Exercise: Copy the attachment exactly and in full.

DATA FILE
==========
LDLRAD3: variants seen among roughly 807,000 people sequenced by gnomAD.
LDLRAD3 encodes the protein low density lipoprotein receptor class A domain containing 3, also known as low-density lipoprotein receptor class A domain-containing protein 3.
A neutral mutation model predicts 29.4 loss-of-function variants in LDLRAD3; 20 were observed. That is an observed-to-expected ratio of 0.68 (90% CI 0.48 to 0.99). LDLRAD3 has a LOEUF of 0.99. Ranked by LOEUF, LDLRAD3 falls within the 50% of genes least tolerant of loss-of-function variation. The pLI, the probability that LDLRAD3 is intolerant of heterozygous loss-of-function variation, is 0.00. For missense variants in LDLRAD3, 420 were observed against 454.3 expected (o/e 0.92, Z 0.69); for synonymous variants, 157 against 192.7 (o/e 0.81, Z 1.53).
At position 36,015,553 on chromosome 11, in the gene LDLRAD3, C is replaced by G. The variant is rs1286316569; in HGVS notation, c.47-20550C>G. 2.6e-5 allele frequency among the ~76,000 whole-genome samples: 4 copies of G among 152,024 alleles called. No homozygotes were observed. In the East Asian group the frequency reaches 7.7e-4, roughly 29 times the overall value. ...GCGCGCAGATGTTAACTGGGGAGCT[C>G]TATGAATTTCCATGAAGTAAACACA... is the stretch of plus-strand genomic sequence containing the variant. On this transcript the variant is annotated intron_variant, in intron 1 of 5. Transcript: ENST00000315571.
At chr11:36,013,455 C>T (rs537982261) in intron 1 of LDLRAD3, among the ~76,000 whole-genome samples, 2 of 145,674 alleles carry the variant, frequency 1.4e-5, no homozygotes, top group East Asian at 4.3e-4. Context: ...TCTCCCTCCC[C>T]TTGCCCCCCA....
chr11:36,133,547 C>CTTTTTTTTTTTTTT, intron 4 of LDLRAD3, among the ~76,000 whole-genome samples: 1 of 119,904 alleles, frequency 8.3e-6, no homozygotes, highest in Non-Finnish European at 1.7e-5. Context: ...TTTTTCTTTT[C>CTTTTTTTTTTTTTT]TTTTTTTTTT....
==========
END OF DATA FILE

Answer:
LDLRAD3: variants seen among roughly 807,000 people sequenced by gnomAD.
LDLRAD3 encodes the protein low density lipoprotein receptor class A domain containing 3, also known as low-density lipoprotein receptor class A domain-containing protein 3.
A neutral mutation model predicts 29.4 loss-of-function variants in LDLRAD3; 20 were observed. That is an observed-to-expected ratio of 0.68 (90% CI 0.48 to 0.99). LDLRAD3 has a LOEUF of 0.99. Ranked by LOEUF, LDLRAD3 falls within the 50% of genes least tolerant of loss-of-function variation. The pLI, the probability that LDLRAD3 is intolerant of heterozygous loss-of-function variation, is 0.00. For missense variants in LDLRAD3, 420 were observed against 454.3 expected (o/e 0.92, Z 0.69); for synonymous variants, 157 against 192.7 (o/e 0.81, Z 1.53).
At position 36,015,553 on chromosome 11, in the gene LDLRAD3, C is replaced by G. The variant is rs1286316569; in HGVS notation, c.47-20550C>G. 2.6e-5 allele frequency among the ~76,000 whole-genome samples: 4 copies of G among 152,024 alleles called. No homozygotes were observed. In the East Asian group the frequency reaches 7.7e-4, roughly 29 times the overall value. ...GCGCGCAGATGTTAACTGGGGAGCT[C>G]TATGAATTTCCATGAAGTAAACACA... is the stretch of plus-strand genomic sequence containing the variant. On this transcript the variant is annotated intron_variant, in intron 1 of 5. Transcript: ENST00000315571.
At chr11:36,013,455 C>T (rs537982261) in intron 1 of LDLRAD3, among the ~76,000 whole-genome samples, 2 of 145,674 alleles carry the variant, frequency 1.4e-5, no homozygotes, top group East Asian at 4.3e-4. Context: ...TCTCCCTCCC[C>T]TTGCCCCCCA....
chr11:36,133,547 C>CTTTTTTTTTTTTTT, intron 4 of LDLRAD3, among the ~76,000 whole-genome samples: 1 of 119,904 alleles, frequency 8.3e-6, no homozygotes, highest in Non-Finnish European at 1.7e-5. Context: ...TTTTTCTTTT[C>CTTTTTTTTTTTTTT]TTTTTTTTTT....